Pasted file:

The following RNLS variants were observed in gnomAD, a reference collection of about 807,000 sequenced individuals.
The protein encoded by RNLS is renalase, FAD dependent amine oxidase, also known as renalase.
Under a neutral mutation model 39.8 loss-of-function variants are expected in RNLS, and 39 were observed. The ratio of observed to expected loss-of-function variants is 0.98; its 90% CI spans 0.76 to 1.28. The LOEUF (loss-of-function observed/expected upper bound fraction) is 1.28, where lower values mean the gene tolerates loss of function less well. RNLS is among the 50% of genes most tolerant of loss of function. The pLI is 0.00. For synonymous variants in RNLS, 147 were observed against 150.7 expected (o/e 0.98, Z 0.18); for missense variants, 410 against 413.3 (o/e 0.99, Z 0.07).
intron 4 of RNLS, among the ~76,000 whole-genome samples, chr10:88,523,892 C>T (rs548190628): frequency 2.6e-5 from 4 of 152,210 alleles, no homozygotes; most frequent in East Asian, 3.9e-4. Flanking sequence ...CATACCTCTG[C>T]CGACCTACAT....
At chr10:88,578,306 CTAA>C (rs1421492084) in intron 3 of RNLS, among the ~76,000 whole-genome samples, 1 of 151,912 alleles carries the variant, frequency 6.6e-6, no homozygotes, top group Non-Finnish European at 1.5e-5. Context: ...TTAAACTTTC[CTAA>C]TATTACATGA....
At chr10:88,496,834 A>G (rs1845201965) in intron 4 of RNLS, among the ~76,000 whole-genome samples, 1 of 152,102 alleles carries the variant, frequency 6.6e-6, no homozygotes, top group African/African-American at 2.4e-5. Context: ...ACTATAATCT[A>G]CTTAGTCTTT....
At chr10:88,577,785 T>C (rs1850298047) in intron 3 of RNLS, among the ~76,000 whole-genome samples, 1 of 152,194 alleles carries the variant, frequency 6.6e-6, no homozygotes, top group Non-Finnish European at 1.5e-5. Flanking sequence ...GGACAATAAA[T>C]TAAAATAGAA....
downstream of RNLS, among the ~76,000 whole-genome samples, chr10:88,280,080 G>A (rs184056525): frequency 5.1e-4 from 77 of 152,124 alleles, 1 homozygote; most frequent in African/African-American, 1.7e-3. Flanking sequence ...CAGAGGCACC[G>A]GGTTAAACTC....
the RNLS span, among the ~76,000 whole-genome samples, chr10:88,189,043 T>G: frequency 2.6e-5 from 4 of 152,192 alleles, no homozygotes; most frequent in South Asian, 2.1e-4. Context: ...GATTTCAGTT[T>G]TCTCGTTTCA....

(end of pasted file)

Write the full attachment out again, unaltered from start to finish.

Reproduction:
The following RNLS variants were observed in gnomAD, a reference collection of about 807,000 sequenced individuals.
The protein encoded by RNLS is renalase, FAD dependent amine oxidase, also known as renalase.
Under a neutral mutation model 39.8 loss-of-function variants are expected in RNLS, and 39 were observed. The ratio of observed to expected loss-of-function variants is 0.98; its 90% CI spans 0.76 to 1.28. The LOEUF (loss-of-function observed/expected upper bound fraction) is 1.28, where lower values mean the gene tolerates loss of function less well. RNLS is among the 50% of genes most tolerant of loss of function. The pLI is 0.00. For synonymous variants in RNLS, 147 were observed against 150.7 expected (o/e 0.98, Z 0.18); for missense variants, 410 against 413.3 (o/e 0.99, Z 0.07).
intron 4 of RNLS, among the ~76,000 whole-genome samples, chr10:88,523,892 C>T (rs548190628): frequency 2.6e-5 from 4 of 152,210 alleles, no homozygotes; most frequent in East Asian, 3.9e-4. Flanking sequence ...CATACCTCTG[C>T]CGACCTACAT....
At chr10:88,578,306 CTAA>C (rs1421492084) in intron 3 of RNLS, among the ~76,000 whole-genome samples, 1 of 151,912 alleles carries the variant, frequency 6.6e-6, no homozygotes, top group Non-Finnish European at 1.5e-5. Context: ...TTAAACTTTC[CTAA>C]TATTACATGA....
At chr10:88,496,834 A>G (rs1845201965) in intron 4 of RNLS, among the ~76,000 whole-genome samples, 1 of 152,102 alleles carries the variant, frequency 6.6e-6, no homozygotes, top group African/African-American at 2.4e-5. Context: ...ACTATAATCT[A>G]CTTAGTCTTT....
At chr10:88,577,785 T>C (rs1850298047) in intron 3 of RNLS, among the ~76,000 whole-genome samples, 1 of 152,194 alleles carries the variant, frequency 6.6e-6, no homozygotes, top group Non-Finnish European at 1.5e-5. Flanking sequence ...GGACAATAAA[T>C]TAAAATAGAA....
downstream of RNLS, among the ~76,000 whole-genome samples, chr10:88,280,080 G>A (rs184056525): frequency 5.1e-4 from 77 of 152,124 alleles, 1 homozygote; most frequent in African/African-American, 1.7e-3. Flanking sequence ...CAGAGGCACC[G>A]GGTTAAACTC....
the RNLS span, among the ~76,000 whole-genome samples, chr10:88,189,043 T>G: frequency 2.6e-5 from 4 of 152,192 alleles, no homozygotes; most frequent in South Asian, 2.1e-4. Context: ...GATTTCAGTT[T>G]TCTCGTTTCA....